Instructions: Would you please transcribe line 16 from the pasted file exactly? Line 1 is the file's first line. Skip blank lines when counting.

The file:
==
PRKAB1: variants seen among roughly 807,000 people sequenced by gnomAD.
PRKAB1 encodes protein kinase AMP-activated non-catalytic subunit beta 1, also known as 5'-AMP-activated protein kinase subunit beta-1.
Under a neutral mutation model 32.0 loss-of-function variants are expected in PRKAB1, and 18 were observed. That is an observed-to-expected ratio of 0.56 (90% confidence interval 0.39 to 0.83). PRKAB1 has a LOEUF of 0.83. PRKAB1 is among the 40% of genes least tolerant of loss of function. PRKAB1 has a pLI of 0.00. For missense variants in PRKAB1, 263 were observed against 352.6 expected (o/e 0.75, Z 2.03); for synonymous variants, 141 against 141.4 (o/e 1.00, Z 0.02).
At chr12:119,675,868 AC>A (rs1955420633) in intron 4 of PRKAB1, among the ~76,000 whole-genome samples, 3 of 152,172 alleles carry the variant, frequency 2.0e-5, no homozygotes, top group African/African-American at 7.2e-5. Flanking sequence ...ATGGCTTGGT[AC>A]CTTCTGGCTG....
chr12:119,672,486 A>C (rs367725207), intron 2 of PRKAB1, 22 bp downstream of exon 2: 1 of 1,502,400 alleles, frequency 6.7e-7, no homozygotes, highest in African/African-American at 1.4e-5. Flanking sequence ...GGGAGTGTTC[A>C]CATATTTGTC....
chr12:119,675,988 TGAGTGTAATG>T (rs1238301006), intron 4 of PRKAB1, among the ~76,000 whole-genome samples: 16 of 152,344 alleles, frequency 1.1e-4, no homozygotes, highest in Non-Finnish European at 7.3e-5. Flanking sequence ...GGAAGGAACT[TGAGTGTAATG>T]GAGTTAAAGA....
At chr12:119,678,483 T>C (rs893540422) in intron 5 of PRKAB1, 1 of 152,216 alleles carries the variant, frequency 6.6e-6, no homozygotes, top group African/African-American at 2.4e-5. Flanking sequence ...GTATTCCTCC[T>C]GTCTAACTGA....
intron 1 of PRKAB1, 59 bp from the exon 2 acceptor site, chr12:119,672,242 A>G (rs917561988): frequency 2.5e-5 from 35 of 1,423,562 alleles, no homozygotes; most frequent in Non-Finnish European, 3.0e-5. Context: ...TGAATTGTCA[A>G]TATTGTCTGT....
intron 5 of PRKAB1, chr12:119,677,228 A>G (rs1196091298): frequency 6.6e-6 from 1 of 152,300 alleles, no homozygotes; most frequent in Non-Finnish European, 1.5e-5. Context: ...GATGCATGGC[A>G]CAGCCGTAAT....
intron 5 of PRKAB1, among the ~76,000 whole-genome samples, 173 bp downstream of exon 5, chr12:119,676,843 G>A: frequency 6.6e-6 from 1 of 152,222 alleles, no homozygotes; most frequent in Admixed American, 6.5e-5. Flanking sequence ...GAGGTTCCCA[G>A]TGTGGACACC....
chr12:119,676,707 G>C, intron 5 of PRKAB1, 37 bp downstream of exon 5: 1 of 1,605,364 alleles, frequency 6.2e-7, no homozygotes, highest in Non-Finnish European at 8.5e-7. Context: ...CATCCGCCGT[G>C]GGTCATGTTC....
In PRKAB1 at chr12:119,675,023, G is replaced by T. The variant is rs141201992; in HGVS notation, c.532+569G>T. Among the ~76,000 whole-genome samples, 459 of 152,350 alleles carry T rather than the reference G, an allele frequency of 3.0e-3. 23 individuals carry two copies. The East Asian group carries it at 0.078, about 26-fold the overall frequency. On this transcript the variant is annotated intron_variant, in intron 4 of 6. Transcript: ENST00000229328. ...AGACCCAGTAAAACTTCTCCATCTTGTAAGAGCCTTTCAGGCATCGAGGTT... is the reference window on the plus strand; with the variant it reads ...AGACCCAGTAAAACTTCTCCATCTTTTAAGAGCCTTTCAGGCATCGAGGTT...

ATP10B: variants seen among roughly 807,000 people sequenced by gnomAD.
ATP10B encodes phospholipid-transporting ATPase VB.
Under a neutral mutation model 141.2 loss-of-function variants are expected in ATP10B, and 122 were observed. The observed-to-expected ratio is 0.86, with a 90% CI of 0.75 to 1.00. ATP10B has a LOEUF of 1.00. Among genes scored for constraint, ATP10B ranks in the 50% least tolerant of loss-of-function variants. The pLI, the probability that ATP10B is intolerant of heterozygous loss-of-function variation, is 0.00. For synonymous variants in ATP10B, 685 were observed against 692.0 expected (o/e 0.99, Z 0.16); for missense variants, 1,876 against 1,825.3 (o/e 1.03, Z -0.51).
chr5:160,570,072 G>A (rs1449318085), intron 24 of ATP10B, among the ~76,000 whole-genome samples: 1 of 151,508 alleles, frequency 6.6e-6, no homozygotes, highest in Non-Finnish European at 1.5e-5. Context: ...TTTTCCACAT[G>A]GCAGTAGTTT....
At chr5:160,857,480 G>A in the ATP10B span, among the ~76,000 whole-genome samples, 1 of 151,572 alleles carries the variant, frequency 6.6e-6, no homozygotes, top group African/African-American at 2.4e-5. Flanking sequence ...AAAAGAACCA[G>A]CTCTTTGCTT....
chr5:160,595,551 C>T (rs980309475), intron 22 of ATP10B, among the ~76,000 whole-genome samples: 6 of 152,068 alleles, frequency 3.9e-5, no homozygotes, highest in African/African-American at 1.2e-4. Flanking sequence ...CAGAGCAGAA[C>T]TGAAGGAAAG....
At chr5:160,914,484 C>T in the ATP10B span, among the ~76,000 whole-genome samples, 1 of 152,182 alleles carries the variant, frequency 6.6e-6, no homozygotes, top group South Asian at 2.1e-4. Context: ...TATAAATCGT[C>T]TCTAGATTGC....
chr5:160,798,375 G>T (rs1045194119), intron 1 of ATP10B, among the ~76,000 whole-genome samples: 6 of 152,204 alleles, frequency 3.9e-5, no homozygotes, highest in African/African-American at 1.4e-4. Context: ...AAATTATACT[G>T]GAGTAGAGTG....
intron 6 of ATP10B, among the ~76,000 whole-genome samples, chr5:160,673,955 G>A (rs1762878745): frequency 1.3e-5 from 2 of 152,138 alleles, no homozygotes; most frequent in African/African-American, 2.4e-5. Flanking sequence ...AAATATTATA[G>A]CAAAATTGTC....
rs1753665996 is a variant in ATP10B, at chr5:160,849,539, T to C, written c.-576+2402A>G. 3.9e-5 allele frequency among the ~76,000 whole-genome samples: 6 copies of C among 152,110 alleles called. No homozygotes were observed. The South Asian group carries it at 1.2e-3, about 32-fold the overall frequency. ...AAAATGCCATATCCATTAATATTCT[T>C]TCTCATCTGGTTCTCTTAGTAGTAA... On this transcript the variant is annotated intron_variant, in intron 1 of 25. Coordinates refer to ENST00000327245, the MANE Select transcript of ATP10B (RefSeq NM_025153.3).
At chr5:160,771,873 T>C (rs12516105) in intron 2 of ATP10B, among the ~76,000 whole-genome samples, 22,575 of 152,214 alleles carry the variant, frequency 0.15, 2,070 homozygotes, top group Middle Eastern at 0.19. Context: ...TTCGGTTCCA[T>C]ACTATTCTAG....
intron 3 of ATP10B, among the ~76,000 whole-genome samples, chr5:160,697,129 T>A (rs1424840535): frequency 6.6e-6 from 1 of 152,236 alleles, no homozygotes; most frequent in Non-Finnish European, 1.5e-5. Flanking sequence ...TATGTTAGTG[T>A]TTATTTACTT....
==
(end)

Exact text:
chr5:160,570,072 G>A (rs1449318085), intron 24 of ATP10B, among the ~76,000 whole-genome samples: 1 of 151,508 alleles, frequency 6.6e-6, no homozygotes, highest in Non-Finnish European at 1.5e-5. Context: ...TTTTCCACAT[G>A]GCAGTAGTTT....